Kebaya Homies: Fun cabaret tackles serious issues

Aidli Mosbit (far left) and Siti Khalijah Zainal (left) play multiple roles with ease and charm in Kebaya Homies.
Aidli Mosbit (left) and Siti Khalijah Zainal (right) play multiple roles with ease and charm in Kebaya Homies.PHOTO: THE NECESSARY STAGE

Kebaya Homies is a whistlestop tour through some of playwright Haresh Sharma's most biting and insightful works

KEBAYA HOMIES

The Necessary Stage Esplanade Annexe Studio/ WednesdaySenior 

Fashion, so often dismissed as vanity and fluff, can be a powerful political statement.

This is clear from the moment Aidli Mosbit and Siti Khalijah Zainal step on stage fully cloaked in black abaya and niqab.

Without a line of dialogue, the costumes create an instant conversation with the title's reference to the kebaya, a style of dress popular with the Malay community and once the height of fashion during the heyday of Malay films in the 1950s and 1960s.

The scene setting - the Annexe Studio is dressed up as a cabaret lounge with audience members seated on chairs around tiny tables, a live DJ spinning vinyls at a console and a bartender serving mocktails and soft drinks - creates more unspoken contradictions before the performance even begins.

Once Aidli and Siti Khalijah get started, Kebaya Homies becomes a rollicking whistlestop tour through some of playwright Haresh Sharma's most biting and insightful works about the Malay community's evolution and struggles.

Scenes from Rosnah and Gemuk Girls are stitched together with the conceit of a pair of cabaret joget girls as the central narrative thread. This works surprisingly well.

The skit format, interspersed with an enchanting playlist of classic Malay tunes and contemporary pop hits, is elastic enough to accommodate the scenarios which rocket from mythic Malay folktales to 1960s Singapore to a parallel reality where Singapore is still part of Malaysia to an imagined retirement home for the theatre community in a climate-challenged future.

While this plot sounds a tad schizophrenic, the show is held together by Aidli and Siti Khalijah, both accomplished, charismatic performers who instantly establish a convivial vibe of sisters sharing confidences with the audience.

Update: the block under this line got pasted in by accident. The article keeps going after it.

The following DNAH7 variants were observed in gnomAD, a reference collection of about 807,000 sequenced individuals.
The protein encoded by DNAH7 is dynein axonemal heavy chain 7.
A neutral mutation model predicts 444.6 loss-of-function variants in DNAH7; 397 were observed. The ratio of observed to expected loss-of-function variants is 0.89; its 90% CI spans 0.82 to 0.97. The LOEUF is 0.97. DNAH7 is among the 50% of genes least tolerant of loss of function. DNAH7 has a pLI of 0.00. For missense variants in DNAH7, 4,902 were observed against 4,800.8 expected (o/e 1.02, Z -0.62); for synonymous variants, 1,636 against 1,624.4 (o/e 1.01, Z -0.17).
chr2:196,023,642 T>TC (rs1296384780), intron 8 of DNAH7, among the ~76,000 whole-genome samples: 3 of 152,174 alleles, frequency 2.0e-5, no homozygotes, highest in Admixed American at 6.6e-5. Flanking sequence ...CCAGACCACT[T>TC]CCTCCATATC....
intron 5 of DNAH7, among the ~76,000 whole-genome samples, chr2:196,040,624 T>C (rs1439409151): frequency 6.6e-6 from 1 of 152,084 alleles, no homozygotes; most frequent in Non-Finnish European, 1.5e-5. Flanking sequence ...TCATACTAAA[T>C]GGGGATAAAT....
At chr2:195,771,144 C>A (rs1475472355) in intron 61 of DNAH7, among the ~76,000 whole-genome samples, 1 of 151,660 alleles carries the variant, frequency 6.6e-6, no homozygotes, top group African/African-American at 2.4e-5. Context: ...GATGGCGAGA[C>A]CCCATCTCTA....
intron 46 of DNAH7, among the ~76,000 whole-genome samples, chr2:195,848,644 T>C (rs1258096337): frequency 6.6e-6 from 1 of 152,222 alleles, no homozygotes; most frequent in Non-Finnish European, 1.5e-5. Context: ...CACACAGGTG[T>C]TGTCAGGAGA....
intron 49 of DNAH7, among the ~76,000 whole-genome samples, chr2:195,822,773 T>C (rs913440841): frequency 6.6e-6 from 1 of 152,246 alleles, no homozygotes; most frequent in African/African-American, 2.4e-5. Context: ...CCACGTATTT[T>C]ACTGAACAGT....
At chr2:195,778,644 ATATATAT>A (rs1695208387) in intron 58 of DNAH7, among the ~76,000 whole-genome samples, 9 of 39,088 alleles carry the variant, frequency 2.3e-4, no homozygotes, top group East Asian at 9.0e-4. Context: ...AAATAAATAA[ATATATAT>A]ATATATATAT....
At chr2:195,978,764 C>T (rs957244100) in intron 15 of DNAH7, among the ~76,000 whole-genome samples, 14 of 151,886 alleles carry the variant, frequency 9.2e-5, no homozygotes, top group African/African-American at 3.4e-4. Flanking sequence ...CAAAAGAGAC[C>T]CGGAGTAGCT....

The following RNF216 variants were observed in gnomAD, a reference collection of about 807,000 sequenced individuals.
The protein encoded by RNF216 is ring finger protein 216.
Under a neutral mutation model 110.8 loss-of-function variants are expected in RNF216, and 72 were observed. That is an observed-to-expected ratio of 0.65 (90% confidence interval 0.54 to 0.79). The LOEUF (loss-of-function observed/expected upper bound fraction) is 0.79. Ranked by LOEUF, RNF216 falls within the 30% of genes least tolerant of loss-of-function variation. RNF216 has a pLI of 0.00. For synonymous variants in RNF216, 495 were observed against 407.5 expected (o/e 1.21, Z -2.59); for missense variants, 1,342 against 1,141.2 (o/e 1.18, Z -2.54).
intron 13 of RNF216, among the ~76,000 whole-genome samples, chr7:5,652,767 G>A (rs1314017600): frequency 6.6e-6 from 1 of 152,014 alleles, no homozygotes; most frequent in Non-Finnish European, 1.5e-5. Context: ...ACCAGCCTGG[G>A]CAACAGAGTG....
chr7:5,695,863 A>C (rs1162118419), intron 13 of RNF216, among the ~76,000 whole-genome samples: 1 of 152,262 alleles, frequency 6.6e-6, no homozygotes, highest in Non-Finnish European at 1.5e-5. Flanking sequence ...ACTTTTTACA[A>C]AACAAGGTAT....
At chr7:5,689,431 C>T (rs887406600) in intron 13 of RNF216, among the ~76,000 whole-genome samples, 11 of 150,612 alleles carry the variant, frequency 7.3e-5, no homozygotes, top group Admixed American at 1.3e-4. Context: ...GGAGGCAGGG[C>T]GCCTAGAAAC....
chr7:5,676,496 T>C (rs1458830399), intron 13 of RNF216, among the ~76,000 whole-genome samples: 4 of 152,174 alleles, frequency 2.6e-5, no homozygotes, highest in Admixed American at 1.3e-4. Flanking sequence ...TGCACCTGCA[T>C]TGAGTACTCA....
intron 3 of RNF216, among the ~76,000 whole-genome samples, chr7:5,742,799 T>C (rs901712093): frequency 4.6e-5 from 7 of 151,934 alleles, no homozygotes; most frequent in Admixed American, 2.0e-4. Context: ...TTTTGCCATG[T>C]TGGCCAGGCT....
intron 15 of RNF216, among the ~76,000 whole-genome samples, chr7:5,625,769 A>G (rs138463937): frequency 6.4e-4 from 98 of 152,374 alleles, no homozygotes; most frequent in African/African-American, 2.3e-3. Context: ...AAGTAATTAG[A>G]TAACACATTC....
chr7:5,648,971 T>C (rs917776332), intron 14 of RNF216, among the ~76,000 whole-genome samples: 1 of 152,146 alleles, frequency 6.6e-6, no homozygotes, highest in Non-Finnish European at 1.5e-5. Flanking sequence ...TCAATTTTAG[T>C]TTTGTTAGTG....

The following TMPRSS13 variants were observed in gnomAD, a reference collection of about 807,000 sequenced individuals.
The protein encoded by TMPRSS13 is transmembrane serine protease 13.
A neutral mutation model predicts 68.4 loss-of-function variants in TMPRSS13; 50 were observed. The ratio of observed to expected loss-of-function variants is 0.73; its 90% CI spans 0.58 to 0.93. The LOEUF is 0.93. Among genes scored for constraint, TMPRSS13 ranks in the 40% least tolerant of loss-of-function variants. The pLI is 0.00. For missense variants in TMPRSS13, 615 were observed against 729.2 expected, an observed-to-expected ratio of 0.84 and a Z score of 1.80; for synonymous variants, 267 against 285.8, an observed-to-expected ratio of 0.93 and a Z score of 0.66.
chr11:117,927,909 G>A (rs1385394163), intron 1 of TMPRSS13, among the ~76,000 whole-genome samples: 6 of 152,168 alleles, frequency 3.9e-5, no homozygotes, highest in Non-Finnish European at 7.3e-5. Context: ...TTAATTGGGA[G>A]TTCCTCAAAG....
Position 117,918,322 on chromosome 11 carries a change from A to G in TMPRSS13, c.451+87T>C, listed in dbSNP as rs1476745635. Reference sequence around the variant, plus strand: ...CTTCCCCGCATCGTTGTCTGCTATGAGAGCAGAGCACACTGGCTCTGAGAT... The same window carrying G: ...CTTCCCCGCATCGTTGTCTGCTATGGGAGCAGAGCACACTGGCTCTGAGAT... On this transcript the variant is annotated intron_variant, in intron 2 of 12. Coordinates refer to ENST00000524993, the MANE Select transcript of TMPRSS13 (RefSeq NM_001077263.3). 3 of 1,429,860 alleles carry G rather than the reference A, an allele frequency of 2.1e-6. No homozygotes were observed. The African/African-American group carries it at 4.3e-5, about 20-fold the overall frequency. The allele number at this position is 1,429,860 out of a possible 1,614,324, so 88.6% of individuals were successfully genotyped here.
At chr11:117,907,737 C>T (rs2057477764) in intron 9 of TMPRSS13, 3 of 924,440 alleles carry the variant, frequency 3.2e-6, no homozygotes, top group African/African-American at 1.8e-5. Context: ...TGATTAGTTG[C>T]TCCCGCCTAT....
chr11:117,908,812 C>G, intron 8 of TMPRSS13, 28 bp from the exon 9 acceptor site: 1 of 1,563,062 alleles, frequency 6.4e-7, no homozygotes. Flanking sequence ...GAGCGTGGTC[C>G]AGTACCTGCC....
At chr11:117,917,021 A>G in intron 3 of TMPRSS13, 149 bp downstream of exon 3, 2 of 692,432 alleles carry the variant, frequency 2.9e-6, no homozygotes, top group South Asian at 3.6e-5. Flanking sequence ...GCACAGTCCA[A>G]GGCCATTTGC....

Their warmth and charm is invaluable in drawing the audiences into an investigation of Singapore Malay wokeness.

As joget girls Zubaidah and Rukiah, they argue, comically and seriously, about everything from the kebaya versus the hijab to the plight of a modern Malay woman subject to syariah laws about divorce to the Arabicisation of Malay culture.

These bite-sized scenarios about thorny issues are smuggled in under the cover of frivolity, literally with a song-and-dance routine.

The script's multiple characters demand that Aidli and Siti Khalijah switch personae at the drop of a hat, that they go from flirty to forlorn, maidenly to manly, all of which they manage with pinpoint accuracy. It is a pleasure to watch them in action.

The bonus of the evening was the Dancing Daddies, an ensemble of five dignified older gentlemen who burned up the floor in the finale number with their nimble joget moves.

More than simply a hilarious cabaret show, this production is a marvel of workshopped inventiveness which pieces a new quilt from old patches.

It offers a distinctively Singaporean Malay point of view about religion, gender and culture. For this reason, it deserves to be seen by more Singaporeans and the wider world.

• The performance is sold out.

A version of this article appeared in the print edition of The Straits Times on January 17, 2020, with the headline 'Fun cabaret tackles serious issues'. Print Edition | Subscribe